“All right,” said Jack; “will you scribble me a list of books to take down? I had meant to have a rest; but I would do a good deal of work to get a reasonable person down at Windlow. I simply daren’t ask my friends there; my father would talk their hindlegs off but he isn’t a bad old bird.”
Mrs. Graves wrote back by return of post that she was delighted to think that Howard was coming. “I am getting an old woman,” she said, “and fond of memories: and what I hear of you from your enthusiastic pupil Jack makes me wish to see my nephew, and proud of him too. This is a quiet house, but I think you would enjoy it; and it’s a real kindness to me to come. I am sure I shall like you, and I am not without hopes that you may like me. You need not tie yourself down to any dates; just come when you can, and go when you must.”
Howard liked the simplicity of the letter, and determined to go down at once. He started two days later. It was a fine spring day, and it was pleasant to glide through the open country all quickening into green. He arrived in the afternoon at the little wayside station. It was in the south-east corner of Somersetshire, and Howard liked the look of the landscape, the steep green downs, with their wooded dingles breaking down into rich undulating plains, dappled with hedgerow trees and traversed by gliding streams. He was met at the station by an old-fashioned waggonette, with an elderly coachman, who said that Mrs. Graves had hoped to come herself, but was not very well, and thought that Mr. Kennedy would prefer an open carriage.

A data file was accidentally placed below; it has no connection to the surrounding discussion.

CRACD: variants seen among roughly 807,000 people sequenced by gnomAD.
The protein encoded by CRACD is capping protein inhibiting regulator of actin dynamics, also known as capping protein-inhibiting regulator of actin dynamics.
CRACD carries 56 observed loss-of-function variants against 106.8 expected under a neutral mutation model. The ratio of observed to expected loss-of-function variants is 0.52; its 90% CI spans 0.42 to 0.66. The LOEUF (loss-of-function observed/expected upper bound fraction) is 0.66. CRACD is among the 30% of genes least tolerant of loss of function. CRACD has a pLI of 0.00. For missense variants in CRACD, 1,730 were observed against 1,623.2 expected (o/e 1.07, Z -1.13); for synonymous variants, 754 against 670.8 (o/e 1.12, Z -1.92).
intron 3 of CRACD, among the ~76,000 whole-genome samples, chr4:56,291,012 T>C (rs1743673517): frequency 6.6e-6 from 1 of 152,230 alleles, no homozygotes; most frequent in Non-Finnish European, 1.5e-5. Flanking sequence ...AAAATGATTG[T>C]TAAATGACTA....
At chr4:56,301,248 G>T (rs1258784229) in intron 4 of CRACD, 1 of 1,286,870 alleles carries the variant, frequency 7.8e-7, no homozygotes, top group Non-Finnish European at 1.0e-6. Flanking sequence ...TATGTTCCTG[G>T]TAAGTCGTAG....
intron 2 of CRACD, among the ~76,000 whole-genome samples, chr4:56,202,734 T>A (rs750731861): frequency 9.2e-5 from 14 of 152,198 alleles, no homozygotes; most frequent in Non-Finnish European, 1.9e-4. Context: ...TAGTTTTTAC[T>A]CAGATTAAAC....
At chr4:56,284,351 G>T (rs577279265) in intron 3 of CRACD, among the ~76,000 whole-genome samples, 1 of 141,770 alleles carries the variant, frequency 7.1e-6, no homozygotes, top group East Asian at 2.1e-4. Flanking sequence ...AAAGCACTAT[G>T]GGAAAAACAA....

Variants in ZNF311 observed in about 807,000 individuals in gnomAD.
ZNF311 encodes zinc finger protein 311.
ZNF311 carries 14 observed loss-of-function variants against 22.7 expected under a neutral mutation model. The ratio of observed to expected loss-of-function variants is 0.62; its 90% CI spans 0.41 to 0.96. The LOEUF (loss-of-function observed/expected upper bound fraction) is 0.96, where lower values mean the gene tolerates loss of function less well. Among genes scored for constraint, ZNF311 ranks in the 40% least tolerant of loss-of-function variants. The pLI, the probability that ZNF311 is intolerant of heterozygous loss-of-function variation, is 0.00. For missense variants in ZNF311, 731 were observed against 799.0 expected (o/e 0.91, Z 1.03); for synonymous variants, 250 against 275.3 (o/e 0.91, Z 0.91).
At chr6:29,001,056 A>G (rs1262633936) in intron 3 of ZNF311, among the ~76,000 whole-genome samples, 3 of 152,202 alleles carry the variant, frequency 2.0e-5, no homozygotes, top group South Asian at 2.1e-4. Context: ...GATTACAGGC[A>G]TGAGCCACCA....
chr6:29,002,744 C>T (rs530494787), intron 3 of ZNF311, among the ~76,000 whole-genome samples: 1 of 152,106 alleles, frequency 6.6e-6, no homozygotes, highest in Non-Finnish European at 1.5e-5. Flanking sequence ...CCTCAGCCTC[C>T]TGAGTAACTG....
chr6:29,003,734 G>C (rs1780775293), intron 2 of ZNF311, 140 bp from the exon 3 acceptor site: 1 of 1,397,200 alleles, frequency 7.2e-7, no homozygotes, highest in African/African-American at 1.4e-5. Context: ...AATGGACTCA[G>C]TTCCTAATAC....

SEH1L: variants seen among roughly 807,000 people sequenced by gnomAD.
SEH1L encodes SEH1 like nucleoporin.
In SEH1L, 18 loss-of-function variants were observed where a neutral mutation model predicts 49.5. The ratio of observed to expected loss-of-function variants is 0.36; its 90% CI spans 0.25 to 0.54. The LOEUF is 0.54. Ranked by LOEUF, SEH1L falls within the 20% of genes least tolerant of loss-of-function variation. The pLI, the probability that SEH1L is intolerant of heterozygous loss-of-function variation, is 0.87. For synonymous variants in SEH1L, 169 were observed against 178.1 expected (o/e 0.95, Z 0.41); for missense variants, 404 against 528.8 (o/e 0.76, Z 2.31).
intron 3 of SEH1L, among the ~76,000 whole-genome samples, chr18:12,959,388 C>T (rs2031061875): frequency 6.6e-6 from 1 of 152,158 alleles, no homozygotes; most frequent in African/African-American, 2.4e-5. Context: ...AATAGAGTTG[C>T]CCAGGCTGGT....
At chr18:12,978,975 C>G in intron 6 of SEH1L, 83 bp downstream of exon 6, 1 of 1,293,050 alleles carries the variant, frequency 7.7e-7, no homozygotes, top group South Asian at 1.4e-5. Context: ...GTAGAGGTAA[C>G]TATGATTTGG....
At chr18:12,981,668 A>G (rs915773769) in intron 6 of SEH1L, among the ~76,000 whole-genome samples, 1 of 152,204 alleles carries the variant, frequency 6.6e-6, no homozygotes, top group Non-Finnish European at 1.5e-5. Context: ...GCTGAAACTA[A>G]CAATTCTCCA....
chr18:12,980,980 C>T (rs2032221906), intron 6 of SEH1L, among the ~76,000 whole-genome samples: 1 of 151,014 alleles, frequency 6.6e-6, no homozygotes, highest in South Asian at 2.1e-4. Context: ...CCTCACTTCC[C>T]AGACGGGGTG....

Howard was astonished at the charm of the whole countryside. They passed through several hamlets, with beautiful old houses, built of a soft orange stone, weathering to a silvery grey, with evidences of careful and pretty design in their mullioned windows and arched doorways. The churches, with their great richly carved towers, pierced stone shutters, and clustered pinnacles, pleased him extremely, and he liked the simple and courteous greetings of the people who passed them. He had a sense, long unfamiliar to him, as though he were somehow coming home. The road entered a green valley among the downs. To the left, an outstanding bluff was crowned with the steep turfed bastions of an ancient fort, and as they went in among the hills, the slopes grew steeper, rich with hanging woods and copses, and the edges of the high thickets were white with bleached flints. At last they passed into a hamlet with a church, and a big vicarage among shrubberies; this was Windlow Malzoy, the coachman said, and that was Mr. Sandys’ house. Howard saw a girl wandering about on the lawn—Jack’s sister, he supposed, but it was too far off for him to see her distinctly; five minutes later they drove into Windlow. It lay at the very bottom of the valley; a clear stream ran beneath the bridge.